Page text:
A Brief Overview of Pecha Kucha Night #18: Education for Innovation

Last Saturday saw the 18th volume of Pecha Kucha Night Delhi, held at the campus of the Adianta School for Leadership and Innovation. The theme for the evening, “Education for Innovation,” brought together a range of educators, thinkers and designers who have been working in this critical space. The nine speakers for the evening presented their own unique understandings, projects and thoughts about this topic. As always, I can hardly hope to do them justice in this blogpost, and so will only briefly touch upon their presentations, and will allow them to speak for themselves in the videos which will be released next week.

Hemant Sahal kickstarted the evening with a presentation about innovation, education and the kind of relationship that lies therein. While the theme for the presentation was Education for Innovation, he offered the idea that perhaps we could think of Education as being equal to Innovation. In other words, the very definition and understanding of education should be that it gives birth to innovation. Perhaps, he said, this is where we have been going wrong – we have been mistaken about the role that education needs to play. Rather than allowing it to stifle creativity and simply promote conformity, we need to allow it to trigger and enhance our imaginations.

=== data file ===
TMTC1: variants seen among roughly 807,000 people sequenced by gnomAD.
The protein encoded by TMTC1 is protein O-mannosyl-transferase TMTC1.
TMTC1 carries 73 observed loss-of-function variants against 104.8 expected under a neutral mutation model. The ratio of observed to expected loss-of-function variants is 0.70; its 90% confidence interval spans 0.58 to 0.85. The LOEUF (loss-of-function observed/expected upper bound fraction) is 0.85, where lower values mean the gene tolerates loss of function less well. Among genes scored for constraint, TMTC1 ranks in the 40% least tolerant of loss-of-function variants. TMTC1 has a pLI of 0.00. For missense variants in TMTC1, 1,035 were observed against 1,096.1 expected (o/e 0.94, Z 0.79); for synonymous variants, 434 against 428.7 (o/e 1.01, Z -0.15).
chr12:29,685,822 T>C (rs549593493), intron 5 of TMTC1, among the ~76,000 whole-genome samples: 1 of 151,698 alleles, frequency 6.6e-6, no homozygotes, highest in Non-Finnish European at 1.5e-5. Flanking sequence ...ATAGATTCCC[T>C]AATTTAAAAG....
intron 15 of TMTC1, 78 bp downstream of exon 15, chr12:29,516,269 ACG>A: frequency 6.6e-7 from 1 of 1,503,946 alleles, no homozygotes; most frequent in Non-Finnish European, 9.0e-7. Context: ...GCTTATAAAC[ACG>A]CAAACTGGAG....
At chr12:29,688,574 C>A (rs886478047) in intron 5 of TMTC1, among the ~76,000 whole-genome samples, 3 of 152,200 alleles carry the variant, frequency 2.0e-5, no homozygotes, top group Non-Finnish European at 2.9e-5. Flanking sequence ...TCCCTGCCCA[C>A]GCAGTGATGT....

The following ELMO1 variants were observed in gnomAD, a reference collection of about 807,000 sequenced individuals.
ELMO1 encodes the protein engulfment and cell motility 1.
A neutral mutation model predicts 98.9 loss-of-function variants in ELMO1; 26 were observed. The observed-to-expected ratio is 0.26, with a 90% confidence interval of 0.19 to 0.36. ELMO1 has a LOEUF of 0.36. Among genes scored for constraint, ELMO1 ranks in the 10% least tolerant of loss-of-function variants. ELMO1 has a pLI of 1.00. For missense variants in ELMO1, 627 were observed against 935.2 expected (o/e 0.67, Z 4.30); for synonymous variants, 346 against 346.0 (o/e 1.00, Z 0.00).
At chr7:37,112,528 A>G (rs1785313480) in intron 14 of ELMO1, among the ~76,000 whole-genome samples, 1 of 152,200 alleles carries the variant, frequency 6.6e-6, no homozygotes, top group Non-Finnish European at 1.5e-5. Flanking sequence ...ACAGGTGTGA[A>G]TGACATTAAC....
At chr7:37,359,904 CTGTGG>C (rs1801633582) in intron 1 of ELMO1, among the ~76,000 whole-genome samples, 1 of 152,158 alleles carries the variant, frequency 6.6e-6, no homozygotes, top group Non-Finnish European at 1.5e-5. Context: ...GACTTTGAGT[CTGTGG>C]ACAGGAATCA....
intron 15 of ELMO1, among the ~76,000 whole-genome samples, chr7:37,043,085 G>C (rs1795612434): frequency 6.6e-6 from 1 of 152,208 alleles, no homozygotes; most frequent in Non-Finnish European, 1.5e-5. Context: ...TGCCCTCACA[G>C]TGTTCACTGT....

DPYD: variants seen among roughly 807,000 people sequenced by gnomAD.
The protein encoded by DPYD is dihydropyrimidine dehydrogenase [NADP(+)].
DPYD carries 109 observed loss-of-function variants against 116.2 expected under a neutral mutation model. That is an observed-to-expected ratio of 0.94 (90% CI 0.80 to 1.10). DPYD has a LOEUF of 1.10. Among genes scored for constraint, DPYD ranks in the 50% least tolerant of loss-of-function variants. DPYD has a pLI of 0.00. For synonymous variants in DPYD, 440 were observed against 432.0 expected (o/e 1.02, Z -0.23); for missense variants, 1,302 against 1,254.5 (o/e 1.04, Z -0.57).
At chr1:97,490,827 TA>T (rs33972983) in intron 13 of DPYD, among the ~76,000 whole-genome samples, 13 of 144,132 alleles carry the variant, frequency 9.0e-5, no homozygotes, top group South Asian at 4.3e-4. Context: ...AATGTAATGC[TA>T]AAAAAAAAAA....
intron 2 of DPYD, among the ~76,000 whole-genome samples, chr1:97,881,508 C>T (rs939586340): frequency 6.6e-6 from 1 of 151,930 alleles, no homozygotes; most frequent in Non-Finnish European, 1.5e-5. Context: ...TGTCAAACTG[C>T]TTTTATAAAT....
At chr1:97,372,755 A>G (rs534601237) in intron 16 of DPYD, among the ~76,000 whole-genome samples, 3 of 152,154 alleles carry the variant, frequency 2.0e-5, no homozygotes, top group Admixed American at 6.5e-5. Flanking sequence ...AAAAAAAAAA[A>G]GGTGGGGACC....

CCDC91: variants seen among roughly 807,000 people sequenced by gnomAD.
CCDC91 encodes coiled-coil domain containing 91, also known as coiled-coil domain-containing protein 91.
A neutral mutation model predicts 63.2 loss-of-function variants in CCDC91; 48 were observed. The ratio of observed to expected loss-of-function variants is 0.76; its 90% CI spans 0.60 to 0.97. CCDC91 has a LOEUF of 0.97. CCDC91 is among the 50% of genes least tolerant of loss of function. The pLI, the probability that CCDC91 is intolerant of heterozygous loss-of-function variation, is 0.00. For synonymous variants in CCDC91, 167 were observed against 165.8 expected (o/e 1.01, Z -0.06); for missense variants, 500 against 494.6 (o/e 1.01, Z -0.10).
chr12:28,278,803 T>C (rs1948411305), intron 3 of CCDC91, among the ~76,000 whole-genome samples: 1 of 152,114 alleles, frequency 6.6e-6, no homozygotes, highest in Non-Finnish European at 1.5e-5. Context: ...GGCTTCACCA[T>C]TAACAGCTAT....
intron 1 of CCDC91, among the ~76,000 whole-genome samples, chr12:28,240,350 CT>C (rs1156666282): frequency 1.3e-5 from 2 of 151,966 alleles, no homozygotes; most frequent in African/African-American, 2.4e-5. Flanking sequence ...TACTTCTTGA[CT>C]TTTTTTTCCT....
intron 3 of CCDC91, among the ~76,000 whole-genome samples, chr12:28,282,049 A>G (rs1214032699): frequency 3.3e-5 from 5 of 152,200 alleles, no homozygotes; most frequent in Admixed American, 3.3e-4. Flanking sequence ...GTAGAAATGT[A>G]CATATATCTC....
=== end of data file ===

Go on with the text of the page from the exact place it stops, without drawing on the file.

Abhishek Sanghvi followed next, and spoke about the widespread prevalence of innovation – it literally is everywhere – and that it is no longer a luxury. Every company that hopes to survive its competition necessarily has to innovate. But what are the essential ingredients of innovation and how can more people be given these tools? Creativity, curiosity and necessity all drive innovation, and it is essential that educational institutes of all levels try and instill these qualities in students from a young age, says Abhishek. The means of doing so is by encouraging curiosity, research, collaboration, observation and visualization. For all this, educationists need to develop new methods of teaching that make students think visually, critically and creatively.

Christian Leborg, a designer and branding consultant, spoke next about elements of the design process and its relationship with innovation. The systematic process that designers employ when developing, testing, prototyping and enhancing any new design is equally crucial to the process of innovation. These skills, therefore, should be taught not only to designers, but to people across disciplines. Moreover, they can be applied across multiple disciplines as well, and can even be used when creating a company, in fact, where an iterative design process can help your company grow, change and continuously improve itself.